Does Tragedy Confer Dignity?

Today marks the 11th anniversary of the 2010 plane crash in which 96 people, including Poland’s then president Lech Kaczyński and his wife Maria, died.

They were en route to commemorate the 1940 Katyn Forest Massacre in which more than 20,000 Poles had been murdered by Soviets.

Those on the flight composed an official delegation and so many of the other crash victims were political, church, and military leaders in Poland.

I still remember a religious sister guiding me toward a monument commemorating victims of the crash in the Lublin cemetery. She whispered, “Some do not refer to this as the Smolensk disaster but rather as Katyn the Second.”

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Something to offer

Sixteen years ago, Terri Schiavo died.

I remember that when she was in the news, I heard the term “vegetative state” for the first time. It immediately struck me as a completely inappropriate term for any person since it explicitly dehumanizes someone by applying an incorrect analogy. Initially the adjective meant, “endowed with the power of growth” but it has come to denote exactly the opposite in public bioethics – that a person is incapable of any significant growth or development. We do not tolerate those who would dehumanize others by calling them cockroaches, so we ought not tolerate the dehumanizing language that refers to persons as “vegetables.”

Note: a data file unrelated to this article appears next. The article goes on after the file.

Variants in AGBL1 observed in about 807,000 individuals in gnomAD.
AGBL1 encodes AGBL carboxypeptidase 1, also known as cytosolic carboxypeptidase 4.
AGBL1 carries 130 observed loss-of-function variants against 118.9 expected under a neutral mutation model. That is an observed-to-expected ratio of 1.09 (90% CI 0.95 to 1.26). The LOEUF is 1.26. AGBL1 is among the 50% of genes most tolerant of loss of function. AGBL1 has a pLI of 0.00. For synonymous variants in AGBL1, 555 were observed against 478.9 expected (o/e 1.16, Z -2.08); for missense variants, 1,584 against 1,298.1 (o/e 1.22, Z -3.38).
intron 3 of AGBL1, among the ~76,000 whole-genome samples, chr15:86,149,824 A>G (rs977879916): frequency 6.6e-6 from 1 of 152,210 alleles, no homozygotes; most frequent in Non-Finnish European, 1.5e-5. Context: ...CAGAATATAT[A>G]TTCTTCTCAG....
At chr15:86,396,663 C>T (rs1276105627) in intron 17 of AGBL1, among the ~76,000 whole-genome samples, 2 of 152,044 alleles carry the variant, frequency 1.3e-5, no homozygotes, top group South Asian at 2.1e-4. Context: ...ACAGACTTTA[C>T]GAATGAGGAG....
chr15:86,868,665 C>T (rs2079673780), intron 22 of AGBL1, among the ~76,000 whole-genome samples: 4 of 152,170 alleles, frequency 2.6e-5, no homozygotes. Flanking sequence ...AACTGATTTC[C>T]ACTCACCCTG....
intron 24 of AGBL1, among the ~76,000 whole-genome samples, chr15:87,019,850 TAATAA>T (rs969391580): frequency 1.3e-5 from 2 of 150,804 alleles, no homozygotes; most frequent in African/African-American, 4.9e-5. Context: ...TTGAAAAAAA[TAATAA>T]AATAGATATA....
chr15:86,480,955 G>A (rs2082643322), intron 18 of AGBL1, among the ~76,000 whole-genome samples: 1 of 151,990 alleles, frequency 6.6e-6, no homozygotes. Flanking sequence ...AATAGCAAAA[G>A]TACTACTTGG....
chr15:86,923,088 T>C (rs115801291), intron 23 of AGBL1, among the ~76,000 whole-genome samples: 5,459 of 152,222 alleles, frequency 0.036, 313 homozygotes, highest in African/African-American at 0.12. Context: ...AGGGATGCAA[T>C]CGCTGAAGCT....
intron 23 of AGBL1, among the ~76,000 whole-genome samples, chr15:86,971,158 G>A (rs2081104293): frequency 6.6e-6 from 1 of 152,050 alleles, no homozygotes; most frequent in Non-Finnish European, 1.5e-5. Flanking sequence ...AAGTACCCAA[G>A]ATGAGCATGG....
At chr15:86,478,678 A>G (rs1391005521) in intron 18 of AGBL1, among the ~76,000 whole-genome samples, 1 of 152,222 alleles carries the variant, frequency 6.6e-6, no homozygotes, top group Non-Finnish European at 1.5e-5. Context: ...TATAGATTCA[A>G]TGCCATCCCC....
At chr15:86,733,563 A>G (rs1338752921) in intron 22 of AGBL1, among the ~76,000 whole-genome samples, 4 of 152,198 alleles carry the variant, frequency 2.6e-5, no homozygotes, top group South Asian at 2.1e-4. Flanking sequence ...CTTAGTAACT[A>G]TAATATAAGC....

When I think about Terri Schiavo, I think especially about the impact that her life and death had on my friend Taylor Hyatt. She wrote this great piece several years ago titled, “13 days that changed my life: Remembering Terri Schiavo.”

In the piece, Taylor reflects on how Terri’s story captivated her when she was in Grade 7.

She wrote:

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The Task Report in Death

This evening I’ve been reading Tomáš Halík’s book, I Want You To Be: On the God of Love in which the thirteenth chapter is titled, “Stronger than Death.”

In this chapter, the Czech priest, philosopher, and Templeton Prize laureate discusses how, “in order to perceive death as a gift, one must first deeply experience life as a gift.”

Gratitude is the appropriate response to a gift but, importantly, life is not only a gift but also a responsibility. Halik, like Abraham Joshua Heschel, speaks of life as an assignment:

Death is not a mere returning of the gift of life. Only loans are returned, and to return a gift is always regarded as an insult to the donor. The entrance ticket to life (think of the conversation between Alyosha and Ivan Karamazov) is not returnable. Life is not just a gift; it is also an assignment. At the moment of death, the handing on of the life that was given to us as an opportunity and entrusted to us as a task is—in religion terms—a sort of completed task report, the hour of truth about the extent to which we have fulfilled or squandered the opportunity we were given. Aversion to that religious concept of death is possibly only assisted by arguments from the arsenal of materialistically interpreted science, although in fact it is more likely based on the anxiety aroused by the need to render an account to a Judge who cannot be bribed or influenced. Compared to that the atheist view that everything comes to an end at death is a comforting dose of opium!